So, I’m getting undeniably thinner and weaker. When I kneel down, say to put something in the fridge, it feels like I’m sinking into a lovely cushion of rest, and I find it difficult to muster the strength to get up again. I have to gather my resources, for a moment, and then push up with an effort. I could stay down there forever, gazing into the fridge’s humming, illuminated interior. It seems an attractive prospect, when you’re faced with the daunting up-thrust.
We’ve already established that running (in both the literal sense and the ‘organising” sense) at what I hope is a calorie deficit, every day, I am flirting with the hope of inflicting serious, though temporary, harm upon myself. However, I am not courting a heart attack. This would be too binary, too abrupt, too final: it would suddenly kick in, or it wouldn’t, like a pressed switch, and, if it did, it would probably kill me and do so at once without hope of compromise or mitigation or second thoughts. And this is not a suicide attempt.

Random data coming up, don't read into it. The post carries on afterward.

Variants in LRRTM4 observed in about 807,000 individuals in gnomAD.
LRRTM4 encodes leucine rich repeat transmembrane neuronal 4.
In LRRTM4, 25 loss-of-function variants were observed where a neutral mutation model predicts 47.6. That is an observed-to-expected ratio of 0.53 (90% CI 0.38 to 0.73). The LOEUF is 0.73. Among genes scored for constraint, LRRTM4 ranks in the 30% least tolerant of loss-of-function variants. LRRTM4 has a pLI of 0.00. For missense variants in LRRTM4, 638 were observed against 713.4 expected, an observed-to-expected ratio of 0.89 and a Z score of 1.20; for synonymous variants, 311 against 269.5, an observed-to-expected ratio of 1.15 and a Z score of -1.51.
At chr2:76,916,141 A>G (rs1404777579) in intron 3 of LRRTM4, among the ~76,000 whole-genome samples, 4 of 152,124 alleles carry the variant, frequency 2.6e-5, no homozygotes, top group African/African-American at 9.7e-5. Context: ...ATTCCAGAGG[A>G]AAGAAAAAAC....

When I run, I am very aware of, very sensitive to, the strange sense of tenderness in my chest: a sort of painless, ache or strain; a pervasive, breathless, exhausted murmur against the effort of it all. This feeling is luxuriantly absent if I cover the same distance at a walk.
Walking or running, I feel the weakness in my legs, though. My legs are now very thin and veiny. My thighs do not meet, even if I squeeze them together, and each bend clearly enunciates and delineates individual muscles in the thinning sheath of skin that clothes them.
The weakness in my legs is different and less ominous than that in my chest. It is a looseness, a ticklish tremor, a tiny shiver, almost just a blush of sensitivity that creeps into the muscle tissue, between the joints, the ball and socket. It testifies to low blood sugar, I believe: a job well done.